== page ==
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James Ford

Academic Appointments

  • Associate Professor of Medicine (Oncology) and of Genetics and, by courtesy, of Pediatrics

Key Documents

Contact Information

  • Clinical Offices
    GI Oncology Clinic 875 Blake Wilbur Dr Clinic B Stanford, CA 94305
    Tel Work (650) 498-6000 Fax (650) 725-9113
  • Academic Offices
    Alternate Contact
    Donna Galvez Tel Work 721-1503
    Not for medical emergencies or patient use

Bio

Dr. Ford is a medical oncologist and geneticist at Stanford, devoted to studying the genetic basis of breast and GI cancer development, treatment and prevention. Dr. Ford graduated in 1984 Magna Cum Laude (Biology) from Yale University where he later received his M.D. degree from the School of Medicine in 1989. He was a internal medicine resident (1989-91), Clinical Fellow in Medical Oncology (1991-94), Research Fellow of Biological Sciences (1993-97) at Stanford, and joined the faculty in 1998. He is currently Associate Professor of Medicine (Oncology) and Genetics, and Director of the Stanford Cancer Genetics Clinic, at the Stanford University Medical Center.

Dr. Ford’s research goals are to understand the role of genetic changes in cancer genes in the risk and development of common cancers. He studies the role of the p53 and BRCA1 tumor suppressor genes in DNA repair, and uses techniques for high-throughput genomic analyses of cancer to identify molecular signatures for targeted therapies. Recently, his team has identified a novel class of drugs that target DNA repair defective breast cancers, and have opened clinical trials at Stanford and nationally using these “PARP inhibitors” for the treatment of women with “triple-negative” breast cancer.

Dr. Ford’s clinical interests include the diagnosis and treatment of patients with a hereditary pre-disposition to cancer. He runs the Stanford Cancer Genetics Clinic, that sees patients for genetic counseling and testing of hereditary cancer syndromes, and enters patients on clinical research protocols for prevention and early diagnosis of cancer in high-risk individuals.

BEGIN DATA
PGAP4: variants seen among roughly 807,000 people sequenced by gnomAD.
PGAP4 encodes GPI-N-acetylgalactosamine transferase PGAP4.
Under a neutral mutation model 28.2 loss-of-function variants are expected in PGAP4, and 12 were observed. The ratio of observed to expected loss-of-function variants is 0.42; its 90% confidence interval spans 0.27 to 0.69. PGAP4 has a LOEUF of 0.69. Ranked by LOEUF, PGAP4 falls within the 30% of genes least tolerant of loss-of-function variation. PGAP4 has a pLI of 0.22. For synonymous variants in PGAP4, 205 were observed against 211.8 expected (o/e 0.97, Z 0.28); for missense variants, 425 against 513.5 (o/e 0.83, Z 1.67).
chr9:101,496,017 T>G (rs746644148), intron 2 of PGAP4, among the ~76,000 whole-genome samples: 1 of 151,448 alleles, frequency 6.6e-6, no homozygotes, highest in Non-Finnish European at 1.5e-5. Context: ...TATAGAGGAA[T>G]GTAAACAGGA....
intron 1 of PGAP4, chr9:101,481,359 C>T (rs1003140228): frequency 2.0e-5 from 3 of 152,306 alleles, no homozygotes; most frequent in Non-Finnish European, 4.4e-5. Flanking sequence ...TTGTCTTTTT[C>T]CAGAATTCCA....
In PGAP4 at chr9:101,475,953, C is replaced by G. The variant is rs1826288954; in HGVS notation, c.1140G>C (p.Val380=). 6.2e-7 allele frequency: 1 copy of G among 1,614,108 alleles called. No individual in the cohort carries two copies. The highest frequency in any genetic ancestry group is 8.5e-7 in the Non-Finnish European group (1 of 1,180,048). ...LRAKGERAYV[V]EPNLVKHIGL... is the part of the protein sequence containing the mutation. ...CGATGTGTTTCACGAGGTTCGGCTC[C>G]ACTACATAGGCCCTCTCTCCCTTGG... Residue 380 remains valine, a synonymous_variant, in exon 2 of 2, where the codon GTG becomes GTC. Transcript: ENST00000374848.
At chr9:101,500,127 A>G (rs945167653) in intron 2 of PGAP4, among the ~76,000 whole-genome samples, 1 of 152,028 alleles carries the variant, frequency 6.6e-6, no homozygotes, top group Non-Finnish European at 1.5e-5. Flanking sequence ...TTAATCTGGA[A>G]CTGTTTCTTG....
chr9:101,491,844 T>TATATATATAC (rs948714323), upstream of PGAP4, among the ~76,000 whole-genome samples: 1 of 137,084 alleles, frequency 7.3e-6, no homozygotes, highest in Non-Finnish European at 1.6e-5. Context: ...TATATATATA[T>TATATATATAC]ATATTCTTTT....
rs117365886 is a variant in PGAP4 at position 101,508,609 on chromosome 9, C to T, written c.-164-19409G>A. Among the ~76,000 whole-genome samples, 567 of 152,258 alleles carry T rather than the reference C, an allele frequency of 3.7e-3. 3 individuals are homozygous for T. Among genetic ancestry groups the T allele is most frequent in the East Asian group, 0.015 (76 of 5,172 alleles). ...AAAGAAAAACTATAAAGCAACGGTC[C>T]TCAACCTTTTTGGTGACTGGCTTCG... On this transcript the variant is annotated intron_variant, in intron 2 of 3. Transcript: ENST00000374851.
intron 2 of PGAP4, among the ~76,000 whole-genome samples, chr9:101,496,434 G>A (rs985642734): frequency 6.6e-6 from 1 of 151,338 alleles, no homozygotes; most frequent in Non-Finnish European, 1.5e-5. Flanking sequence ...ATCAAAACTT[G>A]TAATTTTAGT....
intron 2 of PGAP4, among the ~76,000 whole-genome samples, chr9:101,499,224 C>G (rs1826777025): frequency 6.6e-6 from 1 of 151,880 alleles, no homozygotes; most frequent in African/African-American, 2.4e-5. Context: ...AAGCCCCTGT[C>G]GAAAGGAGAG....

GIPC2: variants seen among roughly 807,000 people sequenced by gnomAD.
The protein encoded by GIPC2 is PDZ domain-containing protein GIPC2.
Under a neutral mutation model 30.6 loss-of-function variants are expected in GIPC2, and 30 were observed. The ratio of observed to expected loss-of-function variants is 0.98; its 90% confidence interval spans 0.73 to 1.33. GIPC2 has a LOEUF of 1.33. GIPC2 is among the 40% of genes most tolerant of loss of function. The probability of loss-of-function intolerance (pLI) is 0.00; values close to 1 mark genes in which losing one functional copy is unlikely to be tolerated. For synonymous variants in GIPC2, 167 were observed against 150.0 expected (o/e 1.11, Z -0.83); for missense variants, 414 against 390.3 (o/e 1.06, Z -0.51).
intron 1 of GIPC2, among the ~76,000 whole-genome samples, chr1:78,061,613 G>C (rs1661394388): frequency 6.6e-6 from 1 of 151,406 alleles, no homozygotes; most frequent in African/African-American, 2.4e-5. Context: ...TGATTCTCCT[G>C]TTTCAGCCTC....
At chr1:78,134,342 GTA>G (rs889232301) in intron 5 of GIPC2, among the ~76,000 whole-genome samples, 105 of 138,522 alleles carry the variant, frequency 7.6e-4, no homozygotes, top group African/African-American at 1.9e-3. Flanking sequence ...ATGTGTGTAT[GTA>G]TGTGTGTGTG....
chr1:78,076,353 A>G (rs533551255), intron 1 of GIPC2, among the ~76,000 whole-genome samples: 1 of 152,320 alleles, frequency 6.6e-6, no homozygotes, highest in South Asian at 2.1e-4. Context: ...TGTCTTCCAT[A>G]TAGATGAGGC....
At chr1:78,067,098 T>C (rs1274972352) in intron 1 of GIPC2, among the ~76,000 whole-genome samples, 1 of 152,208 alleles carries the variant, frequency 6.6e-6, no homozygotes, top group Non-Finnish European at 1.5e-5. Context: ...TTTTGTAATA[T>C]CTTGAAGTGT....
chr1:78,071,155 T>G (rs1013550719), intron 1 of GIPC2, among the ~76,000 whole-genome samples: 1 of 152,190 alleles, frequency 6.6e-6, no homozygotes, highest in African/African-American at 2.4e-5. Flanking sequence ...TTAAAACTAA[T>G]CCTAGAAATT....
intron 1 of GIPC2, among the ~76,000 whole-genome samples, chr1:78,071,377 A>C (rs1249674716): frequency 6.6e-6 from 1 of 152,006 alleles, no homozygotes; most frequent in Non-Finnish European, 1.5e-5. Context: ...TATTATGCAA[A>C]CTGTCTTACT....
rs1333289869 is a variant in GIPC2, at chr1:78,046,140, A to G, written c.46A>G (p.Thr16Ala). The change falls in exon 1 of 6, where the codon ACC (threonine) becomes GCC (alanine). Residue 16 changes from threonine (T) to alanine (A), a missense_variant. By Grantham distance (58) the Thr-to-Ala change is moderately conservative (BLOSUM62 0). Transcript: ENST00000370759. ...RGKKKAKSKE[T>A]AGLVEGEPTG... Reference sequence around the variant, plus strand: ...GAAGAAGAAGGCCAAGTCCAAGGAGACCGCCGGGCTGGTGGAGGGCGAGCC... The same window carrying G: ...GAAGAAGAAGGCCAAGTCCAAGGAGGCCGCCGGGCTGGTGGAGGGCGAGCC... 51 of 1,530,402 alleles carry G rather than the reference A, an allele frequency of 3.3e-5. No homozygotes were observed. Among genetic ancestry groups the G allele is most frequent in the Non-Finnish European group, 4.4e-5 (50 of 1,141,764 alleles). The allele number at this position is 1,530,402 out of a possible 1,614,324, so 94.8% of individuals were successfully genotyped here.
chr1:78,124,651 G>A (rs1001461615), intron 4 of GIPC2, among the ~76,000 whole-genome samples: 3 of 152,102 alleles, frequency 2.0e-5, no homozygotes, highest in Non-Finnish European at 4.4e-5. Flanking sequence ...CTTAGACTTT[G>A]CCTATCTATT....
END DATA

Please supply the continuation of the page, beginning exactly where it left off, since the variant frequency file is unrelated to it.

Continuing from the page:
Clinical Focus

  • Cancer> GI Oncology
  • Cancer Genetics
  • Gastrointestinal Cancers - Genetics
  • Gastrointestinal Cancers - Medical Oncology
  • Breast Cancer - Genetics
  • Ovarian Cancer - Genetics
View All 7clinical focus of James Ford

Academic Appointments

Administrative Appointments

  • Director, Stanford Clinical Cancer Genetics Program (2000 - present)
  • Director, Oncology Fellowship Training Program (2002 - present)
  • Director, Stanford Clinical Cancer Genomics (2013 - present)

Honors and Awards

  • Member, Western Society for Clinical Investigation (2007)
  • Top Doctor for Cancer, Castle Connolly (2008 -)
  • Council Chair, California Breast Cancer Research Program (2009 - 10)
  • Medical Oncology, Best Doctors in America (2013 -)

Boards, Advisory Committees, Professional Organizations

  • Scientific Advisory Board, V Foundation (2006 - present)
  • Board of Directors, Gastric Cancer Foundation (2008 - present)
  • Member, ASCO Cancer Prevention Committee (2013 - present)

Professional Education

Medical Education: Yale University School of Medicine CT (1989)
M.D.: Yale Medical School, Medicine (1989)
Internship: Stanford University Medical Center CA (1990)
Residency: Stanford University School of Medicine CA (1991)
Fellowship: Stanford University School of Medicine CA (1994)
Board Certification: Medical Oncology, American Board of Internal Medicine (2005)

Community and International Work

Research & Scholarship

Current Research and Scholarly Interests